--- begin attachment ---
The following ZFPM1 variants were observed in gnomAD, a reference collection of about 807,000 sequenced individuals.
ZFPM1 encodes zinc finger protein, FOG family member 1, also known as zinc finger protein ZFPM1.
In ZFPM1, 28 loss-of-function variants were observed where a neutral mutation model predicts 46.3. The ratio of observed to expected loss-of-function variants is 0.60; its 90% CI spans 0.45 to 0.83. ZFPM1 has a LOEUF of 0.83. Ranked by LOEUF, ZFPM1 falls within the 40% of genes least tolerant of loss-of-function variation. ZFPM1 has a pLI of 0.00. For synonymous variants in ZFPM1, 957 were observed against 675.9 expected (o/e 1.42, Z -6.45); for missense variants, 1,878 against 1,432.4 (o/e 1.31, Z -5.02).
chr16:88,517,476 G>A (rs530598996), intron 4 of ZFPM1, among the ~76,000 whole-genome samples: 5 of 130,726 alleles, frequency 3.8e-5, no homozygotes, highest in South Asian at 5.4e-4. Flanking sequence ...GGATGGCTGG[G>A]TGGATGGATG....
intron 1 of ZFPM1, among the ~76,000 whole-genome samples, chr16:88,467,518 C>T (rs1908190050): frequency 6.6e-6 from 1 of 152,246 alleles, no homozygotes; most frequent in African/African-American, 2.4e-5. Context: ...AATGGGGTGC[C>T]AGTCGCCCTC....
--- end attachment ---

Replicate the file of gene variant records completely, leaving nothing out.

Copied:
The following ZFPM1 variants were observed in gnomAD, a reference collection of about 807,000 sequenced individuals.
ZFPM1 encodes zinc finger protein, FOG family member 1, also known as zinc finger protein ZFPM1.
In ZFPM1, 28 loss-of-function variants were observed where a neutral mutation model predicts 46.3. The ratio of observed to expected loss-of-function variants is 0.60; its 90% CI spans 0.45 to 0.83. ZFPM1 has a LOEUF of 0.83. Ranked by LOEUF, ZFPM1 falls within the 40% of genes least tolerant of loss-of-function variation. ZFPM1 has a pLI of 0.00. For synonymous variants in ZFPM1, 957 were observed against 675.9 expected (o/e 1.42, Z -6.45); for missense variants, 1,878 against 1,432.4 (o/e 1.31, Z -5.02).
chr16:88,517,476 G>A (rs530598996), intron 4 of ZFPM1, among the ~76,000 whole-genome samples: 5 of 130,726 alleles, frequency 3.8e-5, no homozygotes, highest in South Asian at 5.4e-4. Flanking sequence ...GGATGGCTGG[G>A]TGGATGGATG....
intron 1 of ZFPM1, among the ~76,000 whole-genome samples, chr16:88,467,518 C>T (rs1908190050): frequency 6.6e-6 from 1 of 152,246 alleles, no homozygotes; most frequent in African/African-American, 2.4e-5. Context: ...AATGGGGTGC[C>T]AGTCGCCCTC....